Moving to campus-level badge systems, Jamie Mahoney writes here and here about the process of designing a badge system for the University of Lincoln, and Purdue University has created a buzz with their recently launched (beta version) of the Passport badge and portfolio platform.
Capilano College in Canada implemented a system that awards badges for participation in Culture and Technology events. Along those lines, incoming freshmen at Seton Hall University earned badges for participation in the school’s Pirate Patch program. Open.Michigan at the University of Michigan designed a badge system to recognize those who advocate sharing of open scholarly material. There is also ReadMedia, a software platform that, according to US News, “vouches for students’ educational status and achievements” through a students’ readabout.me profile, and is apparently offered at 400 universities. That platform may not win awards for disruptive potential, but it does point to other uses for badges that make sense for students.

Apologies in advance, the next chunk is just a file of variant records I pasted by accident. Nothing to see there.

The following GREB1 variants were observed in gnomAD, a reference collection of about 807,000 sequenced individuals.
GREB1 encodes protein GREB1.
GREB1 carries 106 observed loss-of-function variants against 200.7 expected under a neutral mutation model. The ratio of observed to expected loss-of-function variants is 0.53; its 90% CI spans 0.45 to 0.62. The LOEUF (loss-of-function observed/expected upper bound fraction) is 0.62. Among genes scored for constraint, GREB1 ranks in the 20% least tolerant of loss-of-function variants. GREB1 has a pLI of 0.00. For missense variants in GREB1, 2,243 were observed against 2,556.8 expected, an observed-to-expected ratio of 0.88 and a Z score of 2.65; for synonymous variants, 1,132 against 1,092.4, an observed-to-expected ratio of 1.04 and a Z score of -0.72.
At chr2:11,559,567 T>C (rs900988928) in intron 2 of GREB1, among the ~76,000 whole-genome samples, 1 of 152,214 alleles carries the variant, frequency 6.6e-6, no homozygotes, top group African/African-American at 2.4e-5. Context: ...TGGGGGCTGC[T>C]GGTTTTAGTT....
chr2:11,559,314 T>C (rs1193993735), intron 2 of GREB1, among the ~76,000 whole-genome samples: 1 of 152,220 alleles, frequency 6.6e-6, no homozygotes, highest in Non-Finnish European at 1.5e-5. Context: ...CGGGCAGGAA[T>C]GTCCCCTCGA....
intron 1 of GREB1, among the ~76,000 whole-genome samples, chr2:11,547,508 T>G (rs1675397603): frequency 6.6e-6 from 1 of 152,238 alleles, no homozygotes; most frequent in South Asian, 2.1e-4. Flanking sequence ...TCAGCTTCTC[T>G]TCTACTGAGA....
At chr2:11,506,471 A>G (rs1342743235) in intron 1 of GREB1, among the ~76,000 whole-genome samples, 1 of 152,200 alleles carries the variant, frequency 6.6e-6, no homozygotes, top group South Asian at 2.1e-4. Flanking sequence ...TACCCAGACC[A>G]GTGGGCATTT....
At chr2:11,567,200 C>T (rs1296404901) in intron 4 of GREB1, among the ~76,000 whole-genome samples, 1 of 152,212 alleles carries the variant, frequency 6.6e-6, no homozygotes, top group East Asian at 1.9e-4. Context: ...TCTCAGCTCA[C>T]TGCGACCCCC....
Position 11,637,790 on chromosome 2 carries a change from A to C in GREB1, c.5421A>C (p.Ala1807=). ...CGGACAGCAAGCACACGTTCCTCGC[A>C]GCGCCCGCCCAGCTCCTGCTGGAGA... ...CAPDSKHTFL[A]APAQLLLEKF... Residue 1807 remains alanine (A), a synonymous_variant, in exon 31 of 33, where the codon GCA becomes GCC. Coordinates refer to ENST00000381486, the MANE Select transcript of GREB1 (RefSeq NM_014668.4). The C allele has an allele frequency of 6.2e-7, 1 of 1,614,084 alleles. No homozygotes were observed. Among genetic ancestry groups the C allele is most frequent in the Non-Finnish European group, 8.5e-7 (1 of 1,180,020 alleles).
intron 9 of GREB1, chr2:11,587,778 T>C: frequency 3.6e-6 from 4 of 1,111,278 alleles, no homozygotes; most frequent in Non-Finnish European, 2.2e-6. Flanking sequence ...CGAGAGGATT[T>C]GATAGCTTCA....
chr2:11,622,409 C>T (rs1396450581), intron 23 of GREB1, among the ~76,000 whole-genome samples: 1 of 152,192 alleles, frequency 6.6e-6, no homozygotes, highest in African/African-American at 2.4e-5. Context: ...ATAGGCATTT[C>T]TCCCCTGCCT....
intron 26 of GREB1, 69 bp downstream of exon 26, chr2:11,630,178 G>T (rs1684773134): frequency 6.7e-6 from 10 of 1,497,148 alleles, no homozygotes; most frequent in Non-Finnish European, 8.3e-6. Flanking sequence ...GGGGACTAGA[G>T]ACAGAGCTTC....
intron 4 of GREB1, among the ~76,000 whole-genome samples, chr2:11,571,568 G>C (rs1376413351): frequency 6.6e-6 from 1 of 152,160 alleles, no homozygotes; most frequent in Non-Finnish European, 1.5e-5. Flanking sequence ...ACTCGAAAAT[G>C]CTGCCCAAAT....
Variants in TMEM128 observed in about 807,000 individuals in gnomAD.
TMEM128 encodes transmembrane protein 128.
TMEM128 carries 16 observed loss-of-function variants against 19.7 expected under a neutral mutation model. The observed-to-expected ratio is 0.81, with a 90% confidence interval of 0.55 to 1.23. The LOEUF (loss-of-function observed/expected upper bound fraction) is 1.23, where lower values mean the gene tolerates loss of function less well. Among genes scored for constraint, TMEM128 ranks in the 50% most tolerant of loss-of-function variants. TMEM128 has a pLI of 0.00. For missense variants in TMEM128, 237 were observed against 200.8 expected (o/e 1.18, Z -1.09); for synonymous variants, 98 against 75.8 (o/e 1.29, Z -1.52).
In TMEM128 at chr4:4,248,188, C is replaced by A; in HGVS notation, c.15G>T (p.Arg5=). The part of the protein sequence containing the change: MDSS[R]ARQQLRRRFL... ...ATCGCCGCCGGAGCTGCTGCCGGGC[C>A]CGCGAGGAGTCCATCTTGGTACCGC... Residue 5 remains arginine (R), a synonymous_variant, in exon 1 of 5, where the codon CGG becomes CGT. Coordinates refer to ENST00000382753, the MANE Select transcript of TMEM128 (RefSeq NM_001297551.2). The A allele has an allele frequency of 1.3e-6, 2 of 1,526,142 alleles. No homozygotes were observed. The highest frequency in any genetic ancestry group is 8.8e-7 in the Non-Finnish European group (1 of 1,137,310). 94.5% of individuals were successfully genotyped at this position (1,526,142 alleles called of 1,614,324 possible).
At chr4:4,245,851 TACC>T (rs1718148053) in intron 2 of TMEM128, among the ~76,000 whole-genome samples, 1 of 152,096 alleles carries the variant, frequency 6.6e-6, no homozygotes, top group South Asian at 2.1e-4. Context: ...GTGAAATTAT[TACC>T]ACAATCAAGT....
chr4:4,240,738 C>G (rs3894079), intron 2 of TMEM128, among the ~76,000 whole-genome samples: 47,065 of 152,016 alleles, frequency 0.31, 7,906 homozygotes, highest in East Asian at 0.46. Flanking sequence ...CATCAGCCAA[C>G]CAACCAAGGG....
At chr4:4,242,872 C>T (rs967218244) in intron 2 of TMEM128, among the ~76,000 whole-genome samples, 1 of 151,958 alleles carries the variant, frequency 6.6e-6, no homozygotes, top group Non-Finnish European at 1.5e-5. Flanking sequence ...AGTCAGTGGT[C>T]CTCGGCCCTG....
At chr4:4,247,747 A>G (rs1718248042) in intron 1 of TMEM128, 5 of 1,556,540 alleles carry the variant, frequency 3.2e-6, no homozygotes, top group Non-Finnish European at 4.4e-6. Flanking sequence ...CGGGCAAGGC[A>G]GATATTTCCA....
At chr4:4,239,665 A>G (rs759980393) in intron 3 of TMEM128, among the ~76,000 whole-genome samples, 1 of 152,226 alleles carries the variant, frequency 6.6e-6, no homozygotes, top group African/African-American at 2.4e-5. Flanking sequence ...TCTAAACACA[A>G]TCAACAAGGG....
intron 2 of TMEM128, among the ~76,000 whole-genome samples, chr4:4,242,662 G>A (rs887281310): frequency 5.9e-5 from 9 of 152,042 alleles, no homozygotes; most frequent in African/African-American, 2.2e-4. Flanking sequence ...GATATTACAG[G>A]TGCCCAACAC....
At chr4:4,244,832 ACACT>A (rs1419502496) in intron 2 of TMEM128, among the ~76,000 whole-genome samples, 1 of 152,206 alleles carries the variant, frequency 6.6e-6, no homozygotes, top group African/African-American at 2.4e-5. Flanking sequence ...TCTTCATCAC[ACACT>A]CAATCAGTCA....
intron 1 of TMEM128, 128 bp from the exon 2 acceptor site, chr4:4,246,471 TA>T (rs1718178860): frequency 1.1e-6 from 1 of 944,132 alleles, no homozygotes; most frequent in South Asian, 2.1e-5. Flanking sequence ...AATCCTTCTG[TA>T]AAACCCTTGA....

Not all higher ed badge programs are student-centered, however. WCET, a US-based think tank for higher education, designed a social game that awarded badges to members for engagement and contributions. Academic librarians are proposing badge systems that could complement Information Literacy Certificates. And don't forget conferences, a big part of scholarly life for graduate students, faculty, and life-long learners.